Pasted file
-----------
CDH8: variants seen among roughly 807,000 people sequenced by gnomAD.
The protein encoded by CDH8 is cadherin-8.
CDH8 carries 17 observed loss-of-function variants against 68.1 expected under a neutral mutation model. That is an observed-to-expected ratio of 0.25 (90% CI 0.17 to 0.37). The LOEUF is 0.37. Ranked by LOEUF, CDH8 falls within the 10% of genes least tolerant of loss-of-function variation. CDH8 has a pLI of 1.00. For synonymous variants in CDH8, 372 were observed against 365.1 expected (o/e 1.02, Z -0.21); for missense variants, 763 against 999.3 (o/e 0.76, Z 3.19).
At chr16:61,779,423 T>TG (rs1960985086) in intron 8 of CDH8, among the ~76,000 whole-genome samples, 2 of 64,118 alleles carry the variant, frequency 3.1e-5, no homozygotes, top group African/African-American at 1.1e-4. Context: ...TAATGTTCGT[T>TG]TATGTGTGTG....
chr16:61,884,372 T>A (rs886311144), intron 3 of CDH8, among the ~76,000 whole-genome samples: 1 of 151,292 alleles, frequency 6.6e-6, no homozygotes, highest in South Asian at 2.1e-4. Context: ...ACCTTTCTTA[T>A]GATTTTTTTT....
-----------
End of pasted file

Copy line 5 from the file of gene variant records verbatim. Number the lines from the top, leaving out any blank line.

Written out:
chr16:61,884,372 T>A (rs886311144), intron 3 of CDH8, among the ~76,000 whole-genome samples: 1 of 151,292 alleles, frequency 6.6e-6, no homozygotes, highest in South Asian at 2.1e-4. Context: ...ACCTTTCTTA[T>A]GATTTTTTTT....